We all have fears. Even those who say they are scared of nothing have fears. It’s part of human nature. Some people are scared of spiders, some are scared of heights, some are scared of small spaces and so on. Fear can cripple us from doing things and in some case can cause panic attacks and anxiety attacks. There are also fears that are just small concerns or worries that the mind magnifies into much worse. This often happens with people who have mental illness. Fears sometimes are more intense after going through such illnesses as cancer.
After reading my previous posts, you know I suffer from anxiety attacks and I’m a one-year survivor of breast cancer. These two mixed together can make my fears more intense. I belong to a breast cancer support group where many survivors talk about the fear of getting cancer again. I also have this fear.
For a month now I have noticed soreness in my nose. At first I thought I could just take care of it myself by spraying saline spray and nasal spray up my nostril. The problem is it didn’t get better, only worse. Wednesday I went to my family doctor.
She looked up each nostril with one of those lights they use. “You have a polyp in your right nostril. The left one is inflamed and I can’t see too far up.”
First thing that came out of my mouth was, “Is it cancerous?”
She typed something in her computer and looked up at me. “It’s probably not, but I want to set you up with an appointment with the Ear, Nose, and Throat specialist so they can have a better look at it.”
Shivers crawled up my back and my stomach twisted. I felt like I had just recieved awful news. My mind went crazy. I wanted to cry and scream. Instead I forced a smile and nodded my head.
What do you mean “probably”? You can’t say it’s probably not cancerous. I want you to tell me it’s definitely not cancerous. When they found my lump in my breast, they said “More often than not, the cyst are benign, but we have to do a biopsy to be sure.” It wasn’t benign. What if this polyp isn’t just a polyp? What if there is something in the inflamed nostril? What if I have cancer of the nose? Is cancer of the nose possible?
After the appointment my husband and I went to lunch and started our Christmas shopping. I tried to keep my mind distracted, but I couldn’t stop it. It just ran out of control.
What if I have cancer again? Last year I lost my breasts. What if this year I have to lose my nose? I’d look weird without a nose. I don’t want any more surgeries. I can’t go through another one. What if behind the inflammation is more cancer? What if this time I have to go through chemotherapy and get sick and lose my hair? I can’t lose anything else. I can’t go through cancer again. I can’t do it.
Later that night my husband and I sat at home. I confided in him that I was scared. He pulled me close and told me I will be fine. He is usually right. When I start worrying obesessively to the point my problems turns to a giant fear, my husband always reassures me everything will be fine, and he’s usually right. Everything always turns out for the good, but when my mind gets going, I can’t seem to stop it. My mind keeps making the problem bigger and bigger until I have an anxiety attack. It was doing it again with an inflamed nostril and a polyp. I started dry heaving.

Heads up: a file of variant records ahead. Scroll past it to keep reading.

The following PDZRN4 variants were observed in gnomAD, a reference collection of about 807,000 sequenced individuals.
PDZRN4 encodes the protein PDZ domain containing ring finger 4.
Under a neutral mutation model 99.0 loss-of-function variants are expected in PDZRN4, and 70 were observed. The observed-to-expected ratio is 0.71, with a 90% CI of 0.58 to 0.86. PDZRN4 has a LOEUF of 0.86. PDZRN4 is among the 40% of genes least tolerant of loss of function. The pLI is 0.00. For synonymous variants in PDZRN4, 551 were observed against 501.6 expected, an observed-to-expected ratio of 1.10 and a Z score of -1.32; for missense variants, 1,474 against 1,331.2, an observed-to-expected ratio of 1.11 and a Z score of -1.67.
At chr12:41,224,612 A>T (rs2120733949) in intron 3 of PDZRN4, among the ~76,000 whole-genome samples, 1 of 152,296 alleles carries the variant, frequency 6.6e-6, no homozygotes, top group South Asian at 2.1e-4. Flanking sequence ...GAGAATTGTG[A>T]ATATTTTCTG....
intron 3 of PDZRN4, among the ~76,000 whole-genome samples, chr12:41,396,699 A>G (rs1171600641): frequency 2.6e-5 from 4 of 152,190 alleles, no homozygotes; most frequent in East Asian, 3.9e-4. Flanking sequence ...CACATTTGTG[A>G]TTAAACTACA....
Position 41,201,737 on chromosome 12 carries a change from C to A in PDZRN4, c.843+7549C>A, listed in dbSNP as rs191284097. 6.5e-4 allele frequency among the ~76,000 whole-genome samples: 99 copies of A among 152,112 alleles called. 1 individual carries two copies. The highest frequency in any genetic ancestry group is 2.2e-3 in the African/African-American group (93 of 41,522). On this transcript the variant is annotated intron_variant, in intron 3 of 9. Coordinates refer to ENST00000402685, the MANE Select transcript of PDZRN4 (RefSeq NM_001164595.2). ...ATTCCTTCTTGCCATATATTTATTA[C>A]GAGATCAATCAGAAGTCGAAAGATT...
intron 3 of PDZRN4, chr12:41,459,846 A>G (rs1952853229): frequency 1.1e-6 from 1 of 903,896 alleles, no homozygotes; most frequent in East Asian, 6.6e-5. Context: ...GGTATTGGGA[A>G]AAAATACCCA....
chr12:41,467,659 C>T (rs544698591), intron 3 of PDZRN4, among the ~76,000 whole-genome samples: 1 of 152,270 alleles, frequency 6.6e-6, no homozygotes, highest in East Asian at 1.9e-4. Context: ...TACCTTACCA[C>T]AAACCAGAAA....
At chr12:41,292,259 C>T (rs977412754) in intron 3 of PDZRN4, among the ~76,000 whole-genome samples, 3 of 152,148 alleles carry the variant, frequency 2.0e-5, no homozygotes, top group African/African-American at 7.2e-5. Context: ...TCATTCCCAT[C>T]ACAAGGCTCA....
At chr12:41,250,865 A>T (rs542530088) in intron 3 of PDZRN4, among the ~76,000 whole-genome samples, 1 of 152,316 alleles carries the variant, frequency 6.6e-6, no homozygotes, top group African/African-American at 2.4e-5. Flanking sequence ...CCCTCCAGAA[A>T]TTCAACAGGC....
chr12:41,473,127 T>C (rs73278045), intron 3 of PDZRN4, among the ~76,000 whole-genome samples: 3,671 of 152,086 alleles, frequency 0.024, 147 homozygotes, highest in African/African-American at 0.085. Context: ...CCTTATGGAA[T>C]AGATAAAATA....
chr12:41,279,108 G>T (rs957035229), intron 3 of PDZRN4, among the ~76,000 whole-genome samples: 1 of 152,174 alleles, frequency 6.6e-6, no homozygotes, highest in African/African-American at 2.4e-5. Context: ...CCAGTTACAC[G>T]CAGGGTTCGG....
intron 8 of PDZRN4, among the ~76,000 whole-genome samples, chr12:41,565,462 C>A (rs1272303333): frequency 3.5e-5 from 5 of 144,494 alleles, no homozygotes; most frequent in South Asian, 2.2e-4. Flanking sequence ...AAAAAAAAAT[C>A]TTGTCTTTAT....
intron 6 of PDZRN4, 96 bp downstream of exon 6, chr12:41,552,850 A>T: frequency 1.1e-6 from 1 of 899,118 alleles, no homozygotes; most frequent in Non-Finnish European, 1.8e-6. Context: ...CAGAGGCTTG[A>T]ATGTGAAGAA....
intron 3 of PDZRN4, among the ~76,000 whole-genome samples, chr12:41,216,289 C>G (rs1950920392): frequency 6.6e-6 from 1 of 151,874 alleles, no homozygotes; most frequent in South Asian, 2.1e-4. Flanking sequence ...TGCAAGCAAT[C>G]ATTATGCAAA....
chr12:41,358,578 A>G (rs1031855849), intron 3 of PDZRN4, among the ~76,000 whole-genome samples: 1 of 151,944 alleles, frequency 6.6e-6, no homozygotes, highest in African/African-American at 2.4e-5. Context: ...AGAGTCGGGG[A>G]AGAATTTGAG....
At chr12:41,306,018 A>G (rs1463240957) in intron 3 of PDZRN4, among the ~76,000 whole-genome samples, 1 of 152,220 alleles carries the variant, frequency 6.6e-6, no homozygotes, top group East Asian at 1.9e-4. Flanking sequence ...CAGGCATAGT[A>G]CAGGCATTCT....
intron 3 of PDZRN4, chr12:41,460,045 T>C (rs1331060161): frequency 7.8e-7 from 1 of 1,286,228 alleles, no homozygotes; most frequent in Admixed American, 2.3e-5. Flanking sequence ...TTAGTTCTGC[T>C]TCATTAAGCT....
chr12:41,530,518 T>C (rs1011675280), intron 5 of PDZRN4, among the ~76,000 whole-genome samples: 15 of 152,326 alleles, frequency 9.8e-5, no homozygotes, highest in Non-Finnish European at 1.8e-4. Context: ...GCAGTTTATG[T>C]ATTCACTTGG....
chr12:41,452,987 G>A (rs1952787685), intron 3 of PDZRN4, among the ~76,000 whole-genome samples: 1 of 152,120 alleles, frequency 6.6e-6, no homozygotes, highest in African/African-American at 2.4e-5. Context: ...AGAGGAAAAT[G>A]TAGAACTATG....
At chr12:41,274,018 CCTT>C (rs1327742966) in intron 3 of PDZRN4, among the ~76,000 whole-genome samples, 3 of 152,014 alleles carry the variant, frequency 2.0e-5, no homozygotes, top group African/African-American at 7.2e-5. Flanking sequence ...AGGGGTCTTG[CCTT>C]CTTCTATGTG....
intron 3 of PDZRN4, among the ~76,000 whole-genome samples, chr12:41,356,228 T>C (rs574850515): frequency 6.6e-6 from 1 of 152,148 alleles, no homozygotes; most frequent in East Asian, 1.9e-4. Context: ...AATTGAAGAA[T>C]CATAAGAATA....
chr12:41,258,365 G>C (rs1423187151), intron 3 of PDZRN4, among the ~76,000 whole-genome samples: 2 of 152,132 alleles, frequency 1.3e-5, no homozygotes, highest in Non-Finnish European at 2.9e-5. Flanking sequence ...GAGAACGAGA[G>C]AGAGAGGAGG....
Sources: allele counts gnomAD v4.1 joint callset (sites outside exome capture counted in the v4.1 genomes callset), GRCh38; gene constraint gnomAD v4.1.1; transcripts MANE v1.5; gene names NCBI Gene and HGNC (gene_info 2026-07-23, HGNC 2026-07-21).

That night I went to my breast cancer support group and listened to stories of cancer being found in other places. I became even more scared. When I came home that night, I messaged my friend. She told me polyps are not cancerous and I had nothing to worry about, but I was still frightened. She suggested I do something to keep my mind busy. I told her I planned on working on my book proposal, but I couldn’t focus.
She texted me. “Work on your proposal. It will distract you. Keep busy.”
So I pulled out my laptop and got to work on my proposal. I became so focused on editing that I almost forgot about my problem. After I was done editing it was time for what my friend and I call, “Date night.” She lives far away. We like the same television shows. We watch them at the same time and comment on them through text messages. We refer to the nights our shows are on as “date nights.” I found this relaxing. I was too busy watching SWAT and texting back and forth with my friend to think about my fear. The next morning I texted another friend who said her husband had polyps in his nose and was given a steroid spray that made them go away. She assured me I would be fine.
If your worries are turning something that maybe nothing into a fear you can’t escape, then try to distract yourself. Fight those worries and do something that will keep your mind busy. Do a craft, write in a journal, read a book, or talk to a friend. If you can take the focus off the problem, your body can find time to relax and your mind won’t have time to keep magnifying. You can fight fears caused by over thinking and worrying. Talk to your therapist about coping techniques.
The next morning after my doctor appointment, I got a call that my appointment with the Ear, Nose, and Throat specialist was set for this coming Wednesday at 8:30 am. Until then I will keep myself busy and I will fight the fears that rise up. When my mind starts to race, I will try to focus on something positive or talk with my support system. Fighting my thoughts and coping with my fears help me stay within the light.